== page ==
JST Corp.'s new SFH Series Wire-to-Board Crimp
Style Connector is a compact, low-profile connector with both polarization and a
secure friction locking device to ensure reliable contact in low-current, low-voltage
conditions. They have a 1.8 mm (0.071 inch) pitch and side entry mated heights
of only 3.0 mm (0.118 inch).
SFH Series is available in a two circuit size. Contacts are tin-plated over a
phosphor bronze base material and accommodate a wide range of 22 to 30AWG.
Current is rated at 4A ac/dc (using 22 or 24 AWG) at 350V ac/dc. Temperature
range is - 25to 85C (including temperature rise in applying
electrical current). Socket housing is 94V-O-rated thermoplastic resin material
and is notched on one side for ease in locating the pin one position. Available
in side-entry only (right-angle) mounting configuration, the RoHS-complaint,
fully shrouded headers feature insertion guides for easy and secure mating. SMT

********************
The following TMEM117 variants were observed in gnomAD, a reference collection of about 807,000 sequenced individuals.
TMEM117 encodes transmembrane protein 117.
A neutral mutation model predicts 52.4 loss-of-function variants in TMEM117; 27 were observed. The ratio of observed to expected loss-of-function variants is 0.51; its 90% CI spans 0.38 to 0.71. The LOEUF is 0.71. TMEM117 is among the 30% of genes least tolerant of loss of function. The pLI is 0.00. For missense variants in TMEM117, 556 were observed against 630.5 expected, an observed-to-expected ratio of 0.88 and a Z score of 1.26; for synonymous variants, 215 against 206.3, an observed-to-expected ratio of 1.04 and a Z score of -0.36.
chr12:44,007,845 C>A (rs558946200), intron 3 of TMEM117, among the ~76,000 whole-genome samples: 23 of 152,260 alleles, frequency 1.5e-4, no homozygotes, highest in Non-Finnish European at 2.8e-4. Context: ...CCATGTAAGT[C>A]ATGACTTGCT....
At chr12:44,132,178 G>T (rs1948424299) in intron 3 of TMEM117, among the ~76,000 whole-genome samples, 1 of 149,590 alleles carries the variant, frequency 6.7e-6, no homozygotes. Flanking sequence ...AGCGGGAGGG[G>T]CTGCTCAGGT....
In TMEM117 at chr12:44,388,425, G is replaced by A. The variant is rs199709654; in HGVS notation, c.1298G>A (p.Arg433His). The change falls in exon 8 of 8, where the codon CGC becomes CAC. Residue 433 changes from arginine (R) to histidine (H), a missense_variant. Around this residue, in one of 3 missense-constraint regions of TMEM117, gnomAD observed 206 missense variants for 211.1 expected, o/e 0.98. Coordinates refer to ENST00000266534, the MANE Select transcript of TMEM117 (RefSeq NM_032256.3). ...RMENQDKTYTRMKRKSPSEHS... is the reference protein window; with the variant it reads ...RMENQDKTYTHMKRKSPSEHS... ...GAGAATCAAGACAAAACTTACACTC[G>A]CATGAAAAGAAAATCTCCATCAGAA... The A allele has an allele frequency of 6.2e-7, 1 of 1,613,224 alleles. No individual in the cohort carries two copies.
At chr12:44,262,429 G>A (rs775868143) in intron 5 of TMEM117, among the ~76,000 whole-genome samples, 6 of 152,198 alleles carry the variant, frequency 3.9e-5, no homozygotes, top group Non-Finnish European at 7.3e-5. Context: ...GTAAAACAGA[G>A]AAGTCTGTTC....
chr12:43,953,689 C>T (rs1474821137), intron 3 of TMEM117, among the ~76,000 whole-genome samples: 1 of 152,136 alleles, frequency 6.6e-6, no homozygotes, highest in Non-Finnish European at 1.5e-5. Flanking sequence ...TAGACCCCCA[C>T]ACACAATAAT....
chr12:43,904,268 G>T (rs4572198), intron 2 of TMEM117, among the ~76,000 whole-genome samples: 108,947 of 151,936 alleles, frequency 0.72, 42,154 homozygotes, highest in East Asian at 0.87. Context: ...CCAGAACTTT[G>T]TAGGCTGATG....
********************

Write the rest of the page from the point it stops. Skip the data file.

headers are provided on embossed tape for automatic insertion equipment. Hand
press, pneumatic press and high volume automatic machines are available for ID
In a bid to boost the viability of lithium-based electric car batteries, a team at Lawrence Berkeley National Laboratory has developed a chemistry that could possibly double an EV’s driving range while cutting its battery cost in half.
Using Siemens NX software, a team of engineering students from the University of Michigan built an electric vehicle and raced in the 2013 Bridgestone World Solar Challenge. One of those students blogged for Design News throughout the race.
Robots that walk have come a long way from simple barebones walking machines or pairs of legs without an upper body and head. Much of the research these days focuses on making more humanoid robots. But they are not all created equal.
For industrial control applications, or even a simple assembly line, that machine can go almost 24/7 without a break. But what happens when the task is a little more complex? That’s where the “smart” machine would come in. The smart machine is one that has some simple (or complex in some cases) processing capability to be able to adapt to changing conditions. Such machines are suited for a host of applications, including automotive, aerospace, defense, medical, computers and electronics, telecommunications, consumer goods, and so on. This discussion will examine what’s possible with smart machines, and what tradeoffs need to be made to implement such a solution.